Asked on Nov 5, 2019

How can I prevent powdery mildew from forming on my plants?

Courtney |The Kitchen GartenColumbia GBReenaroc


For the last few years I have had powdery mildew on several vegetable plants. This year there was a lot of it. Is there anything that I can do now (in the fall) to avoid having it on everything in the garden next year.

4 answers
  • Michelle Leslie
    Michelle Leslie
    on Nov 5, 2019

    Hi Wahneta, use a tablespoon of baking soda and 1/2 teaspoon of liquid, soap with a gallon of water, and spray on the plants. You can also try using mouthwash.

  • Reenaroc
    on Nov 5, 2019

    There is a lot of info available on this problem. I go to the gardening websites. There isn't much you can do in the fall except clean up the plants and ground as best you can and burn the contaminated debris. Use the fire pit if you have one. I had it bad one year on my lilacs. This is what I did after reading & researching. First I cut off all that I could of the worst places. Then when it's going to be a sunny day, spray the plants with water to clean off more. Air circulation and sun are important so I also thinned them out. The wind is the biggest way it spreads (if I remember right). Anyway, I'd just read up on what to do for vegetables. Probably the same principle. There are also eco friendly oils to use that help a lot. There are many recipes for them and directions on when to spray etc. Good Luck and don't give up, you can get rid of it with a little work.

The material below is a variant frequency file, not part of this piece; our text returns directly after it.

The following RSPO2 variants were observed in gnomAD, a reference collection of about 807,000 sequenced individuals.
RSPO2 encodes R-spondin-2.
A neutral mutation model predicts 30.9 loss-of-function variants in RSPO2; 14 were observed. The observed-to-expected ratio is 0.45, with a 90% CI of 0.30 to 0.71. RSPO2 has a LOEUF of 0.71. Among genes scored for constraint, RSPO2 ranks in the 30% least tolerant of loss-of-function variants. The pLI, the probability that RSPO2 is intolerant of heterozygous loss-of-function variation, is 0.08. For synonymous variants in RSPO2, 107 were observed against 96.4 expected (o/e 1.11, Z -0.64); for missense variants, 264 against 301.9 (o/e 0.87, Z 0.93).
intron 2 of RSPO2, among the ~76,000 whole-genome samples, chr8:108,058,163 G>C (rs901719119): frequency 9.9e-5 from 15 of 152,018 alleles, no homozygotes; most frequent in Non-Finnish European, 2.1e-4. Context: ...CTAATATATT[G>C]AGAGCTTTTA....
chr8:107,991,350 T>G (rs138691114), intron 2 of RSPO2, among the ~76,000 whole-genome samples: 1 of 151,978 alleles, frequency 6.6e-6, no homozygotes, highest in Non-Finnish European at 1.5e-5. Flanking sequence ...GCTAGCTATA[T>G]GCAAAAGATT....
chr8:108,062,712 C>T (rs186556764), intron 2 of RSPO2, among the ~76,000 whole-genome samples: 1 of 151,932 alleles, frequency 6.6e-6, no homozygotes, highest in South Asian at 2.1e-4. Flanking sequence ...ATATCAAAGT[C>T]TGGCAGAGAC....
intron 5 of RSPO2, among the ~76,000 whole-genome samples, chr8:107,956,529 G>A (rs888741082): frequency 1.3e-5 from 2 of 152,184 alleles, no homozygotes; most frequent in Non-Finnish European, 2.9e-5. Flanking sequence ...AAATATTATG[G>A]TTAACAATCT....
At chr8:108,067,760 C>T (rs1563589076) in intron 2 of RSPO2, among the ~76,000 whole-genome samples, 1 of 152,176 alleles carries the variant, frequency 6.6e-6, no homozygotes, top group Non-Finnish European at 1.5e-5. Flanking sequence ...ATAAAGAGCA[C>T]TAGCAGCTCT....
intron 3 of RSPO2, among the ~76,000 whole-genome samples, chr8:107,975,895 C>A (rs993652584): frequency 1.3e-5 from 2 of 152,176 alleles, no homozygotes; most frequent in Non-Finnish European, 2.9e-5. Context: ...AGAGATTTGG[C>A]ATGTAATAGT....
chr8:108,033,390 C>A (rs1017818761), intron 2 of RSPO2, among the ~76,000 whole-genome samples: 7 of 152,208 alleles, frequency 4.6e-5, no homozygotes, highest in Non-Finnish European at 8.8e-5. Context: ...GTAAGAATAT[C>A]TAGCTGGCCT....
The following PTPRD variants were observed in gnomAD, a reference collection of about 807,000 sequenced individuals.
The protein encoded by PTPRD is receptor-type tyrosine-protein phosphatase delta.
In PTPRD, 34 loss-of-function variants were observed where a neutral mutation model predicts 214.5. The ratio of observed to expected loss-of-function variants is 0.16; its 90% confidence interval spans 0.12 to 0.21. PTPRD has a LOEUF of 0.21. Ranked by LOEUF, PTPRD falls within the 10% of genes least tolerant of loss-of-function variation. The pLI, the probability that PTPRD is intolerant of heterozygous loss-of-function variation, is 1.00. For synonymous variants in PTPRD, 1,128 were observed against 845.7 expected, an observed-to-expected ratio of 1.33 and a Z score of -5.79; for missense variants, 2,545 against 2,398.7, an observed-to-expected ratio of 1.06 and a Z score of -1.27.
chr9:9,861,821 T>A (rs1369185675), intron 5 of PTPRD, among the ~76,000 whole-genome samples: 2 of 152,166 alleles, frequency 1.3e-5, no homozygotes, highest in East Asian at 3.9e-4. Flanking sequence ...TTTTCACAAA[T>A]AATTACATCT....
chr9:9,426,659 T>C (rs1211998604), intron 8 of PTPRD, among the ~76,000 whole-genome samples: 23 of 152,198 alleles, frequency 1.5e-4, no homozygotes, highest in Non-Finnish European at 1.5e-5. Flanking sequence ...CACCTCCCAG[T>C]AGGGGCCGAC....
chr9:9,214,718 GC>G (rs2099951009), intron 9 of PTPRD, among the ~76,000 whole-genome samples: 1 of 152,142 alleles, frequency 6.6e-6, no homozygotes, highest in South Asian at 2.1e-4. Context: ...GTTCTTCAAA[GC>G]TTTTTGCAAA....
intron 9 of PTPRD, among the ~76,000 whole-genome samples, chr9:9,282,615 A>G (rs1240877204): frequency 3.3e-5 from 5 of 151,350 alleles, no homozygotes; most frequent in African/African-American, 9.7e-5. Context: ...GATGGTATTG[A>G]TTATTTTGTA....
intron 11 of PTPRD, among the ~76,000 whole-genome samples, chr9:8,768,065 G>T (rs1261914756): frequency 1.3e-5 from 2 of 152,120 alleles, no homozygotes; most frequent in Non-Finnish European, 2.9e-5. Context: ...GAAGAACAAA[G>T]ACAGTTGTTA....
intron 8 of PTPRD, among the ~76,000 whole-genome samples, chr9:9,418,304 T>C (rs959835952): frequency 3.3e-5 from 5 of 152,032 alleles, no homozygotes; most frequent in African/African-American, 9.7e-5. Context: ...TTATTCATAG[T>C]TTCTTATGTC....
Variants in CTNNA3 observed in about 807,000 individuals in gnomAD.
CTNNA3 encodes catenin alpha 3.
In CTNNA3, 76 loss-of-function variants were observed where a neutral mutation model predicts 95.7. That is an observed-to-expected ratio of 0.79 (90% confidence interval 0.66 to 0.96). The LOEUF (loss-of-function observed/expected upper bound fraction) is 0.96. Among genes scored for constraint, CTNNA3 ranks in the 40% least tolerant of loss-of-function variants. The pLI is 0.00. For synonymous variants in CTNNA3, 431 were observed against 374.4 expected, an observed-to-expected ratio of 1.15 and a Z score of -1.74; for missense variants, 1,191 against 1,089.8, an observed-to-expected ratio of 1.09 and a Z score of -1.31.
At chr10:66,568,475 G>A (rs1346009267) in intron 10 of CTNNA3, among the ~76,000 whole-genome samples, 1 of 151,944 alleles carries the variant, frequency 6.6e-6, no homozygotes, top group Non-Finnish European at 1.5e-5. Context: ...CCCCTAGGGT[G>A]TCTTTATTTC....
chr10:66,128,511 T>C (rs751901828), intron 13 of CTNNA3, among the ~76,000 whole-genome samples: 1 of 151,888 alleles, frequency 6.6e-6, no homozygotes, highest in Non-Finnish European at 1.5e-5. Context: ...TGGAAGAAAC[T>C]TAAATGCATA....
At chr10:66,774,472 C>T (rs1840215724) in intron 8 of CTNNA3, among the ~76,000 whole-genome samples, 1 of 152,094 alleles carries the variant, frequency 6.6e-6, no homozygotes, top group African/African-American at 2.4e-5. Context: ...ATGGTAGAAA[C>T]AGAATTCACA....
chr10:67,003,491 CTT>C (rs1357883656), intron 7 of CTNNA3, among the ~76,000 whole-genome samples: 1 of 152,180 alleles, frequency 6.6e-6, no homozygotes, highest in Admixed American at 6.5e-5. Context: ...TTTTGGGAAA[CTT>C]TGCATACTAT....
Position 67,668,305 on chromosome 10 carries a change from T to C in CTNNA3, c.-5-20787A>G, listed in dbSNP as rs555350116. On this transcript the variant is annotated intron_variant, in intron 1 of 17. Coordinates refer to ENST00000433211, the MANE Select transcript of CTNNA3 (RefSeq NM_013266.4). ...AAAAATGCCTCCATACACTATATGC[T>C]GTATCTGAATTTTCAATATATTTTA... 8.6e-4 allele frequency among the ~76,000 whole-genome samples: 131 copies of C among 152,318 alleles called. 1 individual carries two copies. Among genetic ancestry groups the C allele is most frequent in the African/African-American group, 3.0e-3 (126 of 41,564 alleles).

• Columbia GB
    Columbia GB
    on Nov 5, 2019

    You can clean up your yard, which you should do anyway.

    However, if Bob down the block has it and Jane 4 blocks in the other direction has it, chances are high, if your garden is not surrounded by fencing, you'll get it because it travels on the wind.

    Below is a good tried and true remedy, that I and friends use. I copied the below text from this website if you want to read more.


    Numerous studies have shown milk and/or whey to be even more effective at killing powdery mildew than chemical fungicides. In a 2009 study by the University of Connecticut, which tested a milk treatment of 40% milk and 60% water on plants infected with powdery mildew, "the milk treatment provided significantly less disease than the untreated control, and the chemical treatment had equal or significantly less disease than the milk." Scientists are not sure why milk is so effective, but they believe that when milk interacts with the sun, it produces free radicals that are toxic to the fungus.

    2 Ways to Use:

    • Mix 60 parts water with 40 parts milk or whey, and spray onto the affected plants bi-weekly. You can even use whole milk without dilution for a strong effect.
    • Mix 1 oz. powdered milk to 2 liters of water, and spray onto affected plants bi-weekly.


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